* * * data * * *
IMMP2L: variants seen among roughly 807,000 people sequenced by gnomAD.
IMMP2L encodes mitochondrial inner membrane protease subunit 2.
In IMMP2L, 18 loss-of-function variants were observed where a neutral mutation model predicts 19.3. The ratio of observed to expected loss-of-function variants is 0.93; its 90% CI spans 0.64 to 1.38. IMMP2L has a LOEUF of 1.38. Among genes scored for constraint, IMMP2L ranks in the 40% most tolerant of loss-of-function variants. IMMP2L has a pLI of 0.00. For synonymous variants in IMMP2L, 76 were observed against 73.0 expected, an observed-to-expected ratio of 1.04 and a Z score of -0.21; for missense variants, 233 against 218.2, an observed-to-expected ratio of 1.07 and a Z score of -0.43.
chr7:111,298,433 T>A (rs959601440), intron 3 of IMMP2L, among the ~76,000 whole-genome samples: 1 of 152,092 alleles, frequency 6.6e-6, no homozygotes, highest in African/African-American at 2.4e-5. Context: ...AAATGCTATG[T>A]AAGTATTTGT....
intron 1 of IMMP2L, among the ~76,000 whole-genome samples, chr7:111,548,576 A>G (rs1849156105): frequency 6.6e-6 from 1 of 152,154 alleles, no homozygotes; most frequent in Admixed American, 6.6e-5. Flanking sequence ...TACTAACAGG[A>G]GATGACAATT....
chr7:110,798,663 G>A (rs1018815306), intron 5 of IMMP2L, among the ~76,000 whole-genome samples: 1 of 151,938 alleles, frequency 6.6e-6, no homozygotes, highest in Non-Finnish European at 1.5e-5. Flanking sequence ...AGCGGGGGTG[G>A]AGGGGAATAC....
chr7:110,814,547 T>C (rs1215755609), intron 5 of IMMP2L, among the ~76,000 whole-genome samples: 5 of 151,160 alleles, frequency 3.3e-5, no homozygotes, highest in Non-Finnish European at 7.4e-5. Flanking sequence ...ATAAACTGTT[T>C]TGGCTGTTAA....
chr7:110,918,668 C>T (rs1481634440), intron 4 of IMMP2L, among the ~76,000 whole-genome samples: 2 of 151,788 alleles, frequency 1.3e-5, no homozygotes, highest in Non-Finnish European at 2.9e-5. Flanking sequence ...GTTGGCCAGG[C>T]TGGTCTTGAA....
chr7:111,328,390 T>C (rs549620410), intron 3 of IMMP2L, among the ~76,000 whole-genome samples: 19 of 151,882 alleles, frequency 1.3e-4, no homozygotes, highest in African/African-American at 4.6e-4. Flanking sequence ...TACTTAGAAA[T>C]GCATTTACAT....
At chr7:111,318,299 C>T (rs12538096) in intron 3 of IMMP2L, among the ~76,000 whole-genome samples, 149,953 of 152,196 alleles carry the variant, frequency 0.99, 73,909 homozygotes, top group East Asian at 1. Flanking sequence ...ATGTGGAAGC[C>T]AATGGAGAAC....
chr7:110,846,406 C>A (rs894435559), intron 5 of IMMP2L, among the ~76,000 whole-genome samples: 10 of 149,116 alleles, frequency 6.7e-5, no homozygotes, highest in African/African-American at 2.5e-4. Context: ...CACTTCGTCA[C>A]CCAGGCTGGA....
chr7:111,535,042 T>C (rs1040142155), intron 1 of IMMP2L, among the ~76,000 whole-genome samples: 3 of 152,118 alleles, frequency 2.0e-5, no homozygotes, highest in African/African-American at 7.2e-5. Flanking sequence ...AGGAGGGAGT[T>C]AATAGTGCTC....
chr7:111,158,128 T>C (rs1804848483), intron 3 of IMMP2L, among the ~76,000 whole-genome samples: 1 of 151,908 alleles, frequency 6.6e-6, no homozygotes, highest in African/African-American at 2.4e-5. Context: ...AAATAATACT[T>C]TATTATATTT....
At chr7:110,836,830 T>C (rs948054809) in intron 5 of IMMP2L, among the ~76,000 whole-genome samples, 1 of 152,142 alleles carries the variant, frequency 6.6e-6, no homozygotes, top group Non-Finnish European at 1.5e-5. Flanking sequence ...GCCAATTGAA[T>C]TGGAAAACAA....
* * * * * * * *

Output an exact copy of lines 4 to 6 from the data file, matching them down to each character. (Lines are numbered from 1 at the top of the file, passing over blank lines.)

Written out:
chr7:111,298,433 T>A (rs959601440), intron 3 of IMMP2L, among the ~76,000 whole-genome samples: 1 of 152,092 alleles, frequency 6.6e-6, no homozygotes, highest in African/African-American at 2.4e-5. Context: ...AAATGCTATG[T>A]AAGTATTTGT....
intron 1 of IMMP2L, among the ~76,000 whole-genome samples, chr7:111,548,576 A>G (rs1849156105): frequency 6.6e-6 from 1 of 152,154 alleles, no homozygotes; most frequent in Admixed American, 6.6e-5. Flanking sequence ...TACTAACAGG[A>G]GATGACAATT....
chr7:110,798,663 G>A (rs1018815306), intron 5 of IMMP2L, among the ~76,000 whole-genome samples: 1 of 151,938 alleles, frequency 6.6e-6, no homozygotes, highest in Non-Finnish European at 1.5e-5. Flanking sequence ...AGCGGGGGTG[G>A]AGGGGAATAC....